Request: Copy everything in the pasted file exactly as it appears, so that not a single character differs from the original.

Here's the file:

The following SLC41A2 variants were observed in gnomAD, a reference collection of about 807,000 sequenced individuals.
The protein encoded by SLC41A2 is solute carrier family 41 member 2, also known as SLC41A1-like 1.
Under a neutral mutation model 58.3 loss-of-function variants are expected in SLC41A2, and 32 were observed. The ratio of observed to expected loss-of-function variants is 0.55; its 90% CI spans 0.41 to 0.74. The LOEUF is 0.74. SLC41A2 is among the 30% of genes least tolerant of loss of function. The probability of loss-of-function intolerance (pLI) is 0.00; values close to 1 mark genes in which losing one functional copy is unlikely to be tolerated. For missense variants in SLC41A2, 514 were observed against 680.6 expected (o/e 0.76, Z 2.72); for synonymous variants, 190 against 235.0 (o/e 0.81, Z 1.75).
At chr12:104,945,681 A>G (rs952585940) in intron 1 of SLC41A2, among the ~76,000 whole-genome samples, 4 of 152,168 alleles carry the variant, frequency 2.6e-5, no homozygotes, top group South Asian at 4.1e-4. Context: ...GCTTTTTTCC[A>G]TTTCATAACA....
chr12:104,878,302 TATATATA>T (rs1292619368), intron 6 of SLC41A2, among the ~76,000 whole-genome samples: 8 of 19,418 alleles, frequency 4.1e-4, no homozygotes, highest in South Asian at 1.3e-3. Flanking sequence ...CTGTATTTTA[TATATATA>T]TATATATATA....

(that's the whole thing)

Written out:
The following SLC41A2 variants were observed in gnomAD, a reference collection of about 807,000 sequenced individuals.
The protein encoded by SLC41A2 is solute carrier family 41 member 2, also known as SLC41A1-like 1.
Under a neutral mutation model 58.3 loss-of-function variants are expected in SLC41A2, and 32 were observed. The ratio of observed to expected loss-of-function variants is 0.55; its 90% CI spans 0.41 to 0.74. The LOEUF is 0.74. SLC41A2 is among the 30% of genes least tolerant of loss of function. The probability of loss-of-function intolerance (pLI) is 0.00; values close to 1 mark genes in which losing one functional copy is unlikely to be tolerated. For missense variants in SLC41A2, 514 were observed against 680.6 expected (o/e 0.76, Z 2.72); for synonymous variants, 190 against 235.0 (o/e 0.81, Z 1.75).
At chr12:104,945,681 A>G (rs952585940) in intron 1 of SLC41A2, among the ~76,000 whole-genome samples, 4 of 152,168 alleles carry the variant, frequency 2.6e-5, no homozygotes, top group South Asian at 4.1e-4. Context: ...GCTTTTTTCC[A>G]TTTCATAACA....
chr12:104,878,302 TATATATA>T (rs1292619368), intron 6 of SLC41A2, among the ~76,000 whole-genome samples: 8 of 19,418 alleles, frequency 4.1e-4, no homozygotes, highest in South Asian at 1.3e-3. Flanking sequence ...CTGTATTTTA[TATATATA>T]TATATATATA....